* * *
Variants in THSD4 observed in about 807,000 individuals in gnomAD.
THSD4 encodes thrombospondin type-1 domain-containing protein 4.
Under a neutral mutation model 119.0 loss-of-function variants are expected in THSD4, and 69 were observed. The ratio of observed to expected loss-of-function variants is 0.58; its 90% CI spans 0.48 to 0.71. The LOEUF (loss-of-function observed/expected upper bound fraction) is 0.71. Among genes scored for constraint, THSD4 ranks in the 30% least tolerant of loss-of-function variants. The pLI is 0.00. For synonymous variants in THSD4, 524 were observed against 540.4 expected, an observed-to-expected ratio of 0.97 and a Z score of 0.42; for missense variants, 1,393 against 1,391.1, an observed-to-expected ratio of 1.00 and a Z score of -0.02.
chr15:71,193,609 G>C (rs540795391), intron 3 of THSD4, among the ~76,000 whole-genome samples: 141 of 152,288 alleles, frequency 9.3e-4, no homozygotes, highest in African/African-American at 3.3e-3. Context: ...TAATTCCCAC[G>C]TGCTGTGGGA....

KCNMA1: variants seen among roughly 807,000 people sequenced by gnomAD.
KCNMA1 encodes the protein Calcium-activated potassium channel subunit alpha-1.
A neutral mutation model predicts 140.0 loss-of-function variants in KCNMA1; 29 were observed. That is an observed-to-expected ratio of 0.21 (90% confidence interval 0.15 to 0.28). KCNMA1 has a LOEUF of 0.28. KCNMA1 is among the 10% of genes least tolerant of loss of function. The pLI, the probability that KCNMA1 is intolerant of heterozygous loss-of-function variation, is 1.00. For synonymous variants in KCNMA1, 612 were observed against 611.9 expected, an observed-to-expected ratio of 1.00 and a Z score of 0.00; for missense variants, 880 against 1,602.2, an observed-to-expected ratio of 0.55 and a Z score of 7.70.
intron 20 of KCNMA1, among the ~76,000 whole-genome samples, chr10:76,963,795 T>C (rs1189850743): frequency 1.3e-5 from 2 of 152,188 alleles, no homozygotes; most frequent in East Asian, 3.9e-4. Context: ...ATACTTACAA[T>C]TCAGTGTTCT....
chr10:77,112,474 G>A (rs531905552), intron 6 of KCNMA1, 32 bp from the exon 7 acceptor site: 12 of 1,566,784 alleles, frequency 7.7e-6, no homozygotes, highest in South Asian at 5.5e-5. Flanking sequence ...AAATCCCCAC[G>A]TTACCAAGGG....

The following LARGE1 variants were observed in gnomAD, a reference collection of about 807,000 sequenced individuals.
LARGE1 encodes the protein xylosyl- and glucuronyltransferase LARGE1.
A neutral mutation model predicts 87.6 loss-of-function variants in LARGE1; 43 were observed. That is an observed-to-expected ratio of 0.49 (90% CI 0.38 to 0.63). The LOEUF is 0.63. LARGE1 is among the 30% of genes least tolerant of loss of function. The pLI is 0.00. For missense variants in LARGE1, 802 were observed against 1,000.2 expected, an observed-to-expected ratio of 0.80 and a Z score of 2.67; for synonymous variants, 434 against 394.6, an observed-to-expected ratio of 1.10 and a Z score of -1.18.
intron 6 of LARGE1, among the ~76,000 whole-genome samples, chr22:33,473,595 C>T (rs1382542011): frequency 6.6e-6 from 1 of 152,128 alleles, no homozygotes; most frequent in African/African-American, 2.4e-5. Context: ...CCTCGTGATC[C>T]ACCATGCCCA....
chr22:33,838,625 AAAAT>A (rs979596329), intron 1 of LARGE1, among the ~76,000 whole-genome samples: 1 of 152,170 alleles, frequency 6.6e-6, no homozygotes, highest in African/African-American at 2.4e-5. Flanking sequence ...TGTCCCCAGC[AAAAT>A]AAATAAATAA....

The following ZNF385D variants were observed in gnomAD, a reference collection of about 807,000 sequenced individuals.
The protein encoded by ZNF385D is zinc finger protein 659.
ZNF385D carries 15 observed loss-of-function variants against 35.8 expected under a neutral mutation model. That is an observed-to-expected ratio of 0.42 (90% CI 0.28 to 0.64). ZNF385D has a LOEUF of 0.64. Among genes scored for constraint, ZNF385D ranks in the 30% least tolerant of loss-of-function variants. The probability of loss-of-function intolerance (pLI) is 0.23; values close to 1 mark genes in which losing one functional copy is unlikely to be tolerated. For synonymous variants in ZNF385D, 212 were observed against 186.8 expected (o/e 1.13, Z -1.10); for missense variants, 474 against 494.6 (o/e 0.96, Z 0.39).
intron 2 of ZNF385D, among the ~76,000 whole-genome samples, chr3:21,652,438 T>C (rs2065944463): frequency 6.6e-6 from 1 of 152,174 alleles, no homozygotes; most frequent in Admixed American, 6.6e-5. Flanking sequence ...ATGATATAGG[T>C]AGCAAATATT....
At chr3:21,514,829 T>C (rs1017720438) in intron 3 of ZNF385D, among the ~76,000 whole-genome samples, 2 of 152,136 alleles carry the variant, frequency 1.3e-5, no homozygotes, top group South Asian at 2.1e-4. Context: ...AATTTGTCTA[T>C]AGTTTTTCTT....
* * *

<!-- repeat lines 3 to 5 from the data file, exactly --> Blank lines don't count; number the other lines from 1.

Under a neutral mutation model 119.0 loss-of-function variants are expected in THSD4, and 69 were observed. The ratio of observed to expected loss-of-function variants is 0.58; its 90% CI spans 0.48 to 0.71. The LOEUF (loss-of-function observed/expected upper bound fraction) is 0.71. Among genes scored for constraint, THSD4 ranks in the 30% least tolerant of loss-of-function variants. The pLI is 0.00. For synonymous variants in THSD4, 524 were observed against 540.4 expected, an observed-to-expected ratio of 0.97 and a Z score of 0.42; for missense variants, 1,393 against 1,391.1, an observed-to-expected ratio of 1.00 and a Z score of -0.02.
chr15:71,193,609 G>C (rs540795391), intron 3 of THSD4, among the ~76,000 whole-genome samples: 141 of 152,288 alleles, frequency 9.3e-4, no homozygotes, highest in African/African-American at 3.3e-3. Context: ...TAATTCCCAC[G>C]TGCTGTGGGA....

KCNMA1: variants seen among roughly 807,000 people sequenced by gnomAD.